Re: Looking for sensitive audio RMS meter


 

Hi Ted, thanks a lot. Great ebay find by the way. It's on its way to
me now. Thanks for sharing your experience with someone learning like
I am!

I've had a few questions, if that's ok:

1. Is it possible to measure dBV readings with this meter? I know it
doesn't have the markings for dBV, only dBm, but is it just a case of
taking the reading, adding some sort of fixed offset, and now I have
the number in dBV? I know there's a simple relationship between dBu
and dBV but I think the relationship between dBm and dBV is on a case
by case basis. I know the meter has high input impedance - so it's not
really going to load the output of the DUT like a real 600 Ohm input
meter would. But it provides a dBm "into 600 Ohm" measurement. I guess
that's just simulated?

2. The device I'd like to measure right now is the Bryston 10B. I am
not sure if they use rms noise or NRI. Thanks for teaching me about
the distinction. The specifications are here:

http://old.bryston.com/PDF/Manuals/300001[10B].pdf

go to page 4, it's in the middle. It just says "Noise: > -100 dB unweighted".

Its output impedance is 100 Ohms. I see the meter itself has 2MOhm
input impedance. Does this mean it'll be perfectly able to measure the
noise at its lowest settings? Does the measurement of RMS noise at the
lowest settings get affected by the DUT's output impedance?

I'd also like to measure the noise of DAC outputs. I think someone
mentioned that those should be measured differently, but I'm not
really sure how that is supposed to work.

I assume given its ranges, this meter can also be used to measure the
noise output of power amps (when nothing is playing through them).

3. Why the Levell specifically, and not some other device? Are there
other such good devices you would recommend?

Thanks a lot!

BTW, I compared all the meters mentioned in this thread. This is what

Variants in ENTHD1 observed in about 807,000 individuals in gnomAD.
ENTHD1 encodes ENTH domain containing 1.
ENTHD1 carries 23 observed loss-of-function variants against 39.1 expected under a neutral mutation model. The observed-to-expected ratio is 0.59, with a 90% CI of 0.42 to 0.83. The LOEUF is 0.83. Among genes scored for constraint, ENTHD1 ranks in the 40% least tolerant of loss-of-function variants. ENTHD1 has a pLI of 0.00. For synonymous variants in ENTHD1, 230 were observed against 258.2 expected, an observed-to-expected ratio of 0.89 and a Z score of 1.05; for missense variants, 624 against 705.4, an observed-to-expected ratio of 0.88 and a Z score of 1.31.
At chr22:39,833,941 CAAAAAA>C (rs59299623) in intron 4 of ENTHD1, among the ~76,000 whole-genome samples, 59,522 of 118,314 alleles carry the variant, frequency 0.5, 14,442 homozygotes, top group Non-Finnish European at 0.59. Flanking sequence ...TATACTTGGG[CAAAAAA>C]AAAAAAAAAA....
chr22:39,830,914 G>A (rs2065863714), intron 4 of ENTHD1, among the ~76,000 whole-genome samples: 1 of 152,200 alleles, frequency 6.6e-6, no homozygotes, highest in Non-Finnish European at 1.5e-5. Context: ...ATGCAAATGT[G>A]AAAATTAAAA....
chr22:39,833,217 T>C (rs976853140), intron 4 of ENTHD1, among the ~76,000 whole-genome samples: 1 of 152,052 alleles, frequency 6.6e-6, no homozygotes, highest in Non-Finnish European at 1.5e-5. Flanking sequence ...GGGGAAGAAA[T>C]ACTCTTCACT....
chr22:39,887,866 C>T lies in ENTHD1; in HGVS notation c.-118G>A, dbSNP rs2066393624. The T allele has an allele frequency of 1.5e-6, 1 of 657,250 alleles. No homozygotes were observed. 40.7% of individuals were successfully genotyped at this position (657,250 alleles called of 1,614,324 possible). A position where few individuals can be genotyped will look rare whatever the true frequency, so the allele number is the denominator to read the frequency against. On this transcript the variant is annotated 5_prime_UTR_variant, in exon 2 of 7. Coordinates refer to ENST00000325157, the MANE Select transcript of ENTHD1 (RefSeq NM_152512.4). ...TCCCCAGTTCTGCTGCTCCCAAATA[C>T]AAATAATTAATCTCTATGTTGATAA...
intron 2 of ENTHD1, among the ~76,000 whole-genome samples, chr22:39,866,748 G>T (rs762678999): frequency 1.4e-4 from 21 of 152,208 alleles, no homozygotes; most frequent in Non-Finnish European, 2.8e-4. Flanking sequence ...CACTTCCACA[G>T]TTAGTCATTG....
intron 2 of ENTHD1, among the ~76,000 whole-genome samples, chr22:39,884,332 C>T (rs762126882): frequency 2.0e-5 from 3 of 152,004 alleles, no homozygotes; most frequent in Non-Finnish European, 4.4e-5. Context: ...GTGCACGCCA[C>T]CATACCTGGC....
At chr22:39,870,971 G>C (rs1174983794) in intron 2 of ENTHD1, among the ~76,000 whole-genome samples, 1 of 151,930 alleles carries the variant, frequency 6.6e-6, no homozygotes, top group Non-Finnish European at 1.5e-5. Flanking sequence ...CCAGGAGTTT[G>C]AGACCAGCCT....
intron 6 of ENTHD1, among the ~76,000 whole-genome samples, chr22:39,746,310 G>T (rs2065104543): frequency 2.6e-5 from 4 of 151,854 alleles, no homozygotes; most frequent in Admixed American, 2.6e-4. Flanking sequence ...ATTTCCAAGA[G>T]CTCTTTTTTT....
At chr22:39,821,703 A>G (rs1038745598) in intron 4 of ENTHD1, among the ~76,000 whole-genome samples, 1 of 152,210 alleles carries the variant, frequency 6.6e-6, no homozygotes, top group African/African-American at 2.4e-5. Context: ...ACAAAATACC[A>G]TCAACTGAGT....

I came up with (see link below). Some of the numbers might be a bit
off, so double check - but it looks like the Levell is best
inexpensive meter for my use due to low self noise, good range, and
high input impedance. I'd love to hear comments.

https://imgur.com/gallery/bmdNN01

I'm also getting a 3457A (from Liam, thanks!) which will be very
useful and has a much
higher resolution - but might not always be the most practical.

On Thu, May 13, 2021 at 2:16 AM Ted Rook <rooknrol@warwick.net> wrote:

Audio Precision make some very good dedicated audio instruments which will probably serve
your purpose.

At a different and simpler level of sophistication is the Levell TM3B audio microvoltmeter,
they were made in the UK in the 1970s-90s. This is a dedicated audio microvoltmeter ideally
suited to measurement of signals and noise between about 10V rms and 10uV rms, the FSD
of the -100dB range is 15uV. Bandwidth can be set at 10k or 100k. The unit requires a 9V
battery so introduces no ground loops or noise. there is one for sale on ebay.co.uk right now,
search for Levell TM3B.

In seeking to measure in the range below -100dBu you are probably going further than you
need towards complexity and expense. It is probable that the equipment you have noticed
quoting noise performance of -110 and -120dB may be not rms noise voltage specifications
but rather a type of noise measurement used for high quality microphone preamps known as
'noise referred to input' that for a nominal 200 ohm microphone source at room temperature
has a theoretical best value of about -128dB NRI. This is calculated by measuring the gain of
the device, measuring its output noise at that gain with a 200 ohm resistor at the input
teminals, and adding the gain to the noise floor, so 60dB gain and -67dBu noise floor gives
-127dB NRI. Notice that the measurement of noise is in the range of millivolts rms, a very
different proposition to 130dBu rms noise.

It is quite likely you can find out most of what you need to know using the Levell audio
microvoltmeter.

Ted




On 12 May 2021 at 1:20, cheater cheater wrote:

Hi Liam,
thanks, I appreciate your extensive experience in this. I'm sure I'll
have a lot of questions that you'll be able to also answer along the
way. I'm setting up a mastering studio (as a hobby) and one of the
things I'd like to do is to be able to measure the noise floor of my
monitoring chain. Some elements claim to be -100 dBV noise, but I
don't necessarily trust that, so I'd like to measure that. Some other
circuits are claiming to be -120 dBV to -110 dBV self-noise. But also
for the future, I'd like to be able to measure other circuits. I'll be
replacing parts of my monitoring chain in the near future as well and
that'll require some noise measurement as well (among other things,
but low noise measurement is one of the hardest things). For the
future I'd like to be able to use the set up I learn about in this